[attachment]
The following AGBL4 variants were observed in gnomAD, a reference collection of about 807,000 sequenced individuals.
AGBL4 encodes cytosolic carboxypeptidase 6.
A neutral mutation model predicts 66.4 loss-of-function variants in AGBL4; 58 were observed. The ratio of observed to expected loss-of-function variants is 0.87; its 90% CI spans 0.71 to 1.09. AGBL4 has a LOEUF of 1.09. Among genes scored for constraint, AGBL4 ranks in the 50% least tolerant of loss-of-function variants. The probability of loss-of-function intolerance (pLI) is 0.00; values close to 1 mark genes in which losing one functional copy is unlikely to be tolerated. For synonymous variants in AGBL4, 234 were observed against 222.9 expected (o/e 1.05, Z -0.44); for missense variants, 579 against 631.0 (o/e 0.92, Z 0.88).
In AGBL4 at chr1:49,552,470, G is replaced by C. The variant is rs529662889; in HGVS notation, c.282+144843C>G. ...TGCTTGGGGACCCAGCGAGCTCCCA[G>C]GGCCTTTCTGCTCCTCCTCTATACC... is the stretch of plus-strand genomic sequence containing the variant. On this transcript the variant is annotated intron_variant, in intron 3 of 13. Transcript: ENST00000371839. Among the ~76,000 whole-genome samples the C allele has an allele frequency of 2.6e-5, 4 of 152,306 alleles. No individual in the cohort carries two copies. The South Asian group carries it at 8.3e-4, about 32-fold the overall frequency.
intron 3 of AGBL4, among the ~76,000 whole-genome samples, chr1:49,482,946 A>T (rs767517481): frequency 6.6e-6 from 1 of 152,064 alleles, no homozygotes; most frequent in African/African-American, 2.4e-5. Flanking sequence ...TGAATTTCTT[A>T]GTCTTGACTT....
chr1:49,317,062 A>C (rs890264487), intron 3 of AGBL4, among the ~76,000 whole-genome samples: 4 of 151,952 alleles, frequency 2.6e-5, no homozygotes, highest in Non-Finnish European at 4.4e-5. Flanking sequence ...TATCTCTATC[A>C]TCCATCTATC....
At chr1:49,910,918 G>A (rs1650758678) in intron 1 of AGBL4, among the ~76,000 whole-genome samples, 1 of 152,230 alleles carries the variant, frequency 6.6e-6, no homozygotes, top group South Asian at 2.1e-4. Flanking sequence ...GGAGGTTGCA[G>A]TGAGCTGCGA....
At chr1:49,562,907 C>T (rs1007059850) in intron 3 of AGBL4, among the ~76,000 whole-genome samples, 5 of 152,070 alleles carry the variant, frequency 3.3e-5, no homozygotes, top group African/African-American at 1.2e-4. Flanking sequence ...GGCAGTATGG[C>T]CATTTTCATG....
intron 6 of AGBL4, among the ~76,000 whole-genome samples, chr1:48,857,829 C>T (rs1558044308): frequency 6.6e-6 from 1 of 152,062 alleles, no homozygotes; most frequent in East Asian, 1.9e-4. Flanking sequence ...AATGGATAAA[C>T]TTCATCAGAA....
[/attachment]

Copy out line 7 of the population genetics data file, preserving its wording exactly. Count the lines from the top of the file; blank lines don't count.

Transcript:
At chr1:49,910,918 G>A (rs1650758678) in intron 1 of AGBL4, among the ~76,000 whole-genome samples, 1 of 152,230 alleles carries the variant, frequency 6.6e-6, no homozygotes, top group South Asian at 2.1e-4. Flanking sequence ...GGAGGTTGCA[G>A]TGAGCTGCGA....